Memphis Elegance

Southern Accents January - February 1996

Written by Brenda Ware Jones

Photographed by Langdon Clay

Press Photo Press Photo Press Photo Press Photo Press Photo Press Photo Press Photo Press Photo Press Photo

This 1970s house and its neoclassical additions maintain an old-world charm in a turn-of-the-century neighborhood

Since the turn of the century, the Central Gardens neighborhood in midtown Memphis has been a choice address, a venerable quarter with exquisitely manicured lawns and 100-year-old trees. But not all the houses are old. Some of the larger estates lent themselves to tasteful division, and in recent years, houses with contemporary architecture have sprouted gracefully among the pre-World War I dwellings.

“My clients’ house was built in the 1970s,” says designer William R. Eubanks. “But the clean, 18th-century style had good bones we could work with, including high ceilings and tall windows.” The only trouble was a rather confining floor plan and the lack of a master bedroom downstairs. So Eubanks, who became acquainted with his clients through a Heart Fund Gala committee, sketched a U-shaped bedroom, loggia, and library addition that virtually doubled the square footage of the house. “The loggia connects all the downstairs spaces to the formal terrace and pool out back and gives the openness I like in a family home,” says Eubanks.

After the ideas were finalized, Memphis architect R. Donovan Smith prepared the blueprints and designed a neoclassically inspired pavilion to extend the family’s entertaining spaces. Crab-orchard stone, native to Tennessee, paves the terrace, adding texture amid the symmetry of landscape designer Jeff Mog’s work.

Because the rear garden was small, Smith left the back wall of the pavilion blank, forming a canvas for a full-scale trompe l’oeil mural that visually expands the view. The artist was not difficult to choose. Steve Schneider, the wife’s brother, is an accomplished landscape painter in Louisiana. “We wanted a definite palazzo feeling here, a Palladian perspective that would lend the illusion of distance,” says Eubanks. “We drew what we wanted and provided Steve with copies of old Italian landscapes to get the colors right.” The owners can see this arresting image of Italy from the dining room.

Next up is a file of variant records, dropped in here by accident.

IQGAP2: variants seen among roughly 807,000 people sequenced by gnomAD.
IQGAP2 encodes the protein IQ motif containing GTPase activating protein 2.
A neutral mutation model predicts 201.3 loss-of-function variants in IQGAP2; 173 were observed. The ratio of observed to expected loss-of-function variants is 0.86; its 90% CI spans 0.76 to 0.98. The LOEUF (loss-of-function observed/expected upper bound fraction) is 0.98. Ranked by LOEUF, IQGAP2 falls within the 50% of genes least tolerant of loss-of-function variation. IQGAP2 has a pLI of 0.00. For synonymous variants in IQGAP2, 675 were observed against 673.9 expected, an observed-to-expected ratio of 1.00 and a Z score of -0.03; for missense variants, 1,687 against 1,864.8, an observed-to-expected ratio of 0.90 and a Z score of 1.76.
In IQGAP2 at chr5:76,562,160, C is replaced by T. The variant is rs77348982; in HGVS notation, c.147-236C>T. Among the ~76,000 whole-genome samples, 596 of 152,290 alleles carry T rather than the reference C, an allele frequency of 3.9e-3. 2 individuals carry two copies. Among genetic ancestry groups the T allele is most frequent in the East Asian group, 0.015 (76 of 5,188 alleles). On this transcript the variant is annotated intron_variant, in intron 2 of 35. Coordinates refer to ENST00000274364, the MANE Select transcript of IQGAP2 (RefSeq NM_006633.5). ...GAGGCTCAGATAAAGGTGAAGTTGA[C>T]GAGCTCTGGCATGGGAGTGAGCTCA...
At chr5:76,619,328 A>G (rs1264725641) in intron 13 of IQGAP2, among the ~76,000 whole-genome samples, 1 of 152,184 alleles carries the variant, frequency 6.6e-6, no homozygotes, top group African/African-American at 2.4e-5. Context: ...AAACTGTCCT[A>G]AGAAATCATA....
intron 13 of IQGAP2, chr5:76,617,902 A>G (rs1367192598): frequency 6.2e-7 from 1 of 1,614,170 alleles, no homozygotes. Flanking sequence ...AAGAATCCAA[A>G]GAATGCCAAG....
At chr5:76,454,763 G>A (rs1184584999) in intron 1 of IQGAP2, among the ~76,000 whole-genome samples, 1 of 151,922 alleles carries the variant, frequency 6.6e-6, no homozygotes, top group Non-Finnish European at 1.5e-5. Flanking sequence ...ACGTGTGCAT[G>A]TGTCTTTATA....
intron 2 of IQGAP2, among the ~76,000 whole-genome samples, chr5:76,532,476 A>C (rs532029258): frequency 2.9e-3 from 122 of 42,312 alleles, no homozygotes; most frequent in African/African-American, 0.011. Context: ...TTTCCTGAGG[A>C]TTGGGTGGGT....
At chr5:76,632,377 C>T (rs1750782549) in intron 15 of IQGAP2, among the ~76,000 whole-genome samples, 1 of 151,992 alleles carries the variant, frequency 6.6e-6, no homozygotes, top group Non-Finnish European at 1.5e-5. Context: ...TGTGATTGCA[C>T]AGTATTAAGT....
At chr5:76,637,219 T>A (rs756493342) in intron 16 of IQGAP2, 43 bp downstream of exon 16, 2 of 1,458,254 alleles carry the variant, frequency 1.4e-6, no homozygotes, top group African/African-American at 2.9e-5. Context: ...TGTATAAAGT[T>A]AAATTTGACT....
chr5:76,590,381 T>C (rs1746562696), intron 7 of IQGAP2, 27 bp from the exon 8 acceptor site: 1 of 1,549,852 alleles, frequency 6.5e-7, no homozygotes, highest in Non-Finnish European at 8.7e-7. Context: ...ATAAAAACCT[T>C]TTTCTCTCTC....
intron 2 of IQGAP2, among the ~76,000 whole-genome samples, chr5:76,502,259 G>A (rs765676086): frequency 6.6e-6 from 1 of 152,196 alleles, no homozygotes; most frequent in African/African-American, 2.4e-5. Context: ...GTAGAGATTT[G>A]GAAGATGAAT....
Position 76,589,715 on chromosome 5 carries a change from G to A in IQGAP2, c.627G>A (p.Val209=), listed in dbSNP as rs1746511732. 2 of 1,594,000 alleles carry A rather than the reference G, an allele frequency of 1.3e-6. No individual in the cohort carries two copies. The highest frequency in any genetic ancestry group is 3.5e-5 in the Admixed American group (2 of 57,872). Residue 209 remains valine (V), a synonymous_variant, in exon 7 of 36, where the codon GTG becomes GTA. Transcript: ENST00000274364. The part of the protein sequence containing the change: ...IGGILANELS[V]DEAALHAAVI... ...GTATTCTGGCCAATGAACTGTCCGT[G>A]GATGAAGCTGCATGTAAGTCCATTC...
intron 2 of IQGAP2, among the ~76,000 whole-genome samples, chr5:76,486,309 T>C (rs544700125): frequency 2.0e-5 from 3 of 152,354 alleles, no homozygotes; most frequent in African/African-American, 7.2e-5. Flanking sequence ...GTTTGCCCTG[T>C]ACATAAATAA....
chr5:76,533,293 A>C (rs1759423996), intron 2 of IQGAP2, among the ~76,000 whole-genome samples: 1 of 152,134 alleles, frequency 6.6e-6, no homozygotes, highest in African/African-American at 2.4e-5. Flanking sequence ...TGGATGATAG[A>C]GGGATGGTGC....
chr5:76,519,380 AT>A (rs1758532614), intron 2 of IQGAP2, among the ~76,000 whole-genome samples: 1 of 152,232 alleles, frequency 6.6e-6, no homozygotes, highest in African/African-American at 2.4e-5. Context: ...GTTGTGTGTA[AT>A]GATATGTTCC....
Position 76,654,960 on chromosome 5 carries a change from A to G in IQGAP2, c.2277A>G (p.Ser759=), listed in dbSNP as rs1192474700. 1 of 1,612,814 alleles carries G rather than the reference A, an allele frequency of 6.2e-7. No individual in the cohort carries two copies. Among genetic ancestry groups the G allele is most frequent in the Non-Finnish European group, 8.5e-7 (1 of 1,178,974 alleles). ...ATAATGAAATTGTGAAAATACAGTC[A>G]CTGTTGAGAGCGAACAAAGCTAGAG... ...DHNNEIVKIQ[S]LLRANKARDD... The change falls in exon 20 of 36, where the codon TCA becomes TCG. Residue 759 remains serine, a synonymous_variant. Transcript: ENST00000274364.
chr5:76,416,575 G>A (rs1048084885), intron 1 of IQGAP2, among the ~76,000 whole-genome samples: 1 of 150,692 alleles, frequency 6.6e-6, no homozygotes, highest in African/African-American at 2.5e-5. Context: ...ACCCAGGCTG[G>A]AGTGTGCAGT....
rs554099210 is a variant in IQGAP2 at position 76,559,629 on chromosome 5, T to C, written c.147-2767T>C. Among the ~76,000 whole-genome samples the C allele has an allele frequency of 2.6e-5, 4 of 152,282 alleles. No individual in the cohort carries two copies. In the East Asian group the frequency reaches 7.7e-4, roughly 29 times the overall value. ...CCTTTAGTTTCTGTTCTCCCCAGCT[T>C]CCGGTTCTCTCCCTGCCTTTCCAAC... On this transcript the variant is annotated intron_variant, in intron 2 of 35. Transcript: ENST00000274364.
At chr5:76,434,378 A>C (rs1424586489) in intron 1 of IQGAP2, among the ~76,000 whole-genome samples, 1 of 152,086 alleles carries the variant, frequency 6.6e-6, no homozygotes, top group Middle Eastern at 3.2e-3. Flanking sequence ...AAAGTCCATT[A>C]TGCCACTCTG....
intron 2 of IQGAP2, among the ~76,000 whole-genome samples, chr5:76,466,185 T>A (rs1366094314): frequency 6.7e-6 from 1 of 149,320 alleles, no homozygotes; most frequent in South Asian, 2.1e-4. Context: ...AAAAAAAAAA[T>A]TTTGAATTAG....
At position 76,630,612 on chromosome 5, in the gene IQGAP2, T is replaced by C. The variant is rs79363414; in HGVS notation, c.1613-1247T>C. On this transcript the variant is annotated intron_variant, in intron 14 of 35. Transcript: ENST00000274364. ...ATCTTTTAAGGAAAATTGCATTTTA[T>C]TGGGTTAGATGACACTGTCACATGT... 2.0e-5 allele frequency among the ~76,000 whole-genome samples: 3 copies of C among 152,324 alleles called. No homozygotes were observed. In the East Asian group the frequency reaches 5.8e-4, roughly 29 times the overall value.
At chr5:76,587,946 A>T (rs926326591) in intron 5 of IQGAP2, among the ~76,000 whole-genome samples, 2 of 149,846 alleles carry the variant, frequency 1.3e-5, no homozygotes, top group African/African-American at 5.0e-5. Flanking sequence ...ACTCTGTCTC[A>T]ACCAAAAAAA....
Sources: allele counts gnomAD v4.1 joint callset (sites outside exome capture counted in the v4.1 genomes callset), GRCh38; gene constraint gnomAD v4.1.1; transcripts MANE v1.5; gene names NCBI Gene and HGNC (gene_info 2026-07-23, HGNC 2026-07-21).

Inside the house, Italian, French, and English antiques provide an old-world charm and blend beautifully with more contemporary pieces. In the living room, for example, a modern steel tea table melds effortlessly with a pair of painted parcel-gilt Regency chairs, and a faux-tiger fabric looks just right with cushions made from old Flemish tapestry. Gold, salmon, and ivory hues in fabric at the windows and on the sofa echo the aged tones of the Oushak carpet. A subtle taupe glaze on the walls provides a calm backdrop.

The dining room supports the old-world motif, with English Sheraton shield-back chairs and an 18th-century English mahogany and satinwood sideboard. Lamplight glows through silk shantung shades, illuminating the ocher walls dabbed with umber by painters Frank and Tony Maino. For drama, the father-and-son team added a tortoiseshell finish on the trim. “Because this room has no direct source of natural light, other than the loggia,” says Eubanks, “I felt we needed brightness.”

Eubanks, who lives just two doors away, clearly had a personal and professional interest in the polished work. “This was a wonderful house to start with. We just made it perfect for this family. By the time we were finished,” he adds with a smile, “I was ‘Uncle Bill’ to their three children.”